“Whether intentional or not, the images and rhetoric in this ad touch on subjects that anti-Semites have used for ages,” Jonathan Greenblatt, chief executive of the Anti-Defamation League, said in a statement. “This needs to stop.”
With Election Day imminent, the two campaigns are playing a final round of chess. On Sunday, Mr. Trump planned campaign stops in Minnesota, Michigan and Virginia, three states that have been considered solidly in Ms. Clinton’s camp. Minnesota has not voted for a Republican nominee since 1972. Ms. Clinton’s campaign, meanwhile, announced additional stops in Michigan, where polls have tightened somewhat.
Early voting patterns indicate good tidings for Ms. Clinton, thanks partly to a surge by Latino voters. In Nevada, she appears to have built up a nearly insurmountable lead judging by the party registrations of early voters. In Florida, too, Latinos have flooded to the polls and mailed in ballots: Such voters have already exceeded their turnout over the same period in the previous presidential election by 170,000 people, according to Steve Schale, a Democratic strategist and expert on the state’s politics.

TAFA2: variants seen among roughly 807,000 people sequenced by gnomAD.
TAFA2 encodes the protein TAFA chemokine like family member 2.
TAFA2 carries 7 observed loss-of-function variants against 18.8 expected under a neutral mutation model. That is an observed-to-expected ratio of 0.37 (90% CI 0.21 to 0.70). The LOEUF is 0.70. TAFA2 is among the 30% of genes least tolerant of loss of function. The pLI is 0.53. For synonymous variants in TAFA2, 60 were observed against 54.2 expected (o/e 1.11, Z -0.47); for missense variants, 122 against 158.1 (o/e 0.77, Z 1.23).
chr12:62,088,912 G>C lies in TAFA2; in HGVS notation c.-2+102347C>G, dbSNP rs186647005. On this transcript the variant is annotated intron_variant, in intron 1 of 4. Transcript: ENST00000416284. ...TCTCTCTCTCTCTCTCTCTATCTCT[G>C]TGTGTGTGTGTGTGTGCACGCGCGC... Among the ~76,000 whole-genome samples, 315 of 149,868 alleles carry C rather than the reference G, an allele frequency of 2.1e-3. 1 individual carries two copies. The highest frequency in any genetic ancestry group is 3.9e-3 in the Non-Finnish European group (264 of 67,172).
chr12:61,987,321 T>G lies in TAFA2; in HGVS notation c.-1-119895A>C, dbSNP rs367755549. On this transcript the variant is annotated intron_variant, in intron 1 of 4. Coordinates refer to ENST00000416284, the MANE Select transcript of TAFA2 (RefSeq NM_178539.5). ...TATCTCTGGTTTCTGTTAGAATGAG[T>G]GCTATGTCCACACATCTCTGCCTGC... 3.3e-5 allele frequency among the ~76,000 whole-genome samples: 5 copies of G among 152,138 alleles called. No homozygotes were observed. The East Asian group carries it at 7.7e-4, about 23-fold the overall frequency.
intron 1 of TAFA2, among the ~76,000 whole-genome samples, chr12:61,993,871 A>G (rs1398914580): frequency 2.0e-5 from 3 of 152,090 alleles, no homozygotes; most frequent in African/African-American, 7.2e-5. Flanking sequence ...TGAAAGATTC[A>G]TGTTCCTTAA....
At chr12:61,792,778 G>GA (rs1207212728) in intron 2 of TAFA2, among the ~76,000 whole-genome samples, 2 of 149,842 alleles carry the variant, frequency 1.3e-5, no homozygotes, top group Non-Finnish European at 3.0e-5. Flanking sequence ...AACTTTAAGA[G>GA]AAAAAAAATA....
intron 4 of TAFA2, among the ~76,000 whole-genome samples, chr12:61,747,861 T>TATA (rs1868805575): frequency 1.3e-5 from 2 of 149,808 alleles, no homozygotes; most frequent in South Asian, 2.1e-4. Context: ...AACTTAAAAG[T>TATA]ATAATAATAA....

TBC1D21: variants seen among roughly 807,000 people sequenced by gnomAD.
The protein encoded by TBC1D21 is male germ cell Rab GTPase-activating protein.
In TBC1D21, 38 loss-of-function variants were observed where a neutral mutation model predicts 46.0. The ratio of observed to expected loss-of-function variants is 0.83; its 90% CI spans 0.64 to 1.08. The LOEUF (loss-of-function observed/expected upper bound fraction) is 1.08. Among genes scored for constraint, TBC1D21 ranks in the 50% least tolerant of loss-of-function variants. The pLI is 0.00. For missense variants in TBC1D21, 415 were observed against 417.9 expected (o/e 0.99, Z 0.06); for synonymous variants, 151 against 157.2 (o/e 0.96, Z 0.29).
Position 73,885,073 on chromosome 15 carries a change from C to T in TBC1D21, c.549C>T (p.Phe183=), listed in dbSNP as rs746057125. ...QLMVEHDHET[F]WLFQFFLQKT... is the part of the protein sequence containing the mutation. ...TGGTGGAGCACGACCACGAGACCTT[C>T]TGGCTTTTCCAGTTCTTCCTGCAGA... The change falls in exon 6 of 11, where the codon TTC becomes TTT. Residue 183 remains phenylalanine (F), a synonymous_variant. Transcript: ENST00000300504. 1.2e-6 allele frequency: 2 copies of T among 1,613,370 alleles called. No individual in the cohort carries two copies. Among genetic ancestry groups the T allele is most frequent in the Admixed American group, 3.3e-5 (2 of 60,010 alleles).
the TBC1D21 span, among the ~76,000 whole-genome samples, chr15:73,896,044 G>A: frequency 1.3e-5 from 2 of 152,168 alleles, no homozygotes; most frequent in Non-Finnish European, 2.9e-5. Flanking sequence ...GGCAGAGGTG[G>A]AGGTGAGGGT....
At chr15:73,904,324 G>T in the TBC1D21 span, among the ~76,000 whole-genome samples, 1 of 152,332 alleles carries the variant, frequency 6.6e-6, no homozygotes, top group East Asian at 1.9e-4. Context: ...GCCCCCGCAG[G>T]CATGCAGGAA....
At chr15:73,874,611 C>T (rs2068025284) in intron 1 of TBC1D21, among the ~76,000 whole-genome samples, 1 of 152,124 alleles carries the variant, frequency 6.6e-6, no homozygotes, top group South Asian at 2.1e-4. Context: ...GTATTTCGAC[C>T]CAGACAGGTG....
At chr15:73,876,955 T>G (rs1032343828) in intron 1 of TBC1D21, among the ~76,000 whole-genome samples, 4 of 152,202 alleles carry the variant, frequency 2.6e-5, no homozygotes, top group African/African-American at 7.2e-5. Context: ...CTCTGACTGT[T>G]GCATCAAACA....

Pennsylvania, which does not allow early voting, is a key brick in Ms. Clinton’s firewall and her campaign is determined to deny Mr. Trump a victory here. Volunteers knocked on more than 700,000 doors across the state on Saturday, according to a memo from a campaign aide.
Wanda Dixon, 61, of Chester, Pa., has voted in every election since she was 18. On Tuesday, she will head to the polls together with 10 other people, including her grandchildren and neighbours, all voting for Ms. Clinton. “We got this, I know it,” she said with enthusiasm. She predicted that Mr. Trump will be “howling foul play” if he loses. But she expressed confidence in the future. “We’re going to put out this fire,” she said. “It’s gonna be alright.”
MORTON, PA. — The Globe and Mail
Published Sunday, Nov. 06, 2016 3:44PM EST
Last updated Monday, Nov. 07, 2016 5:23AM EST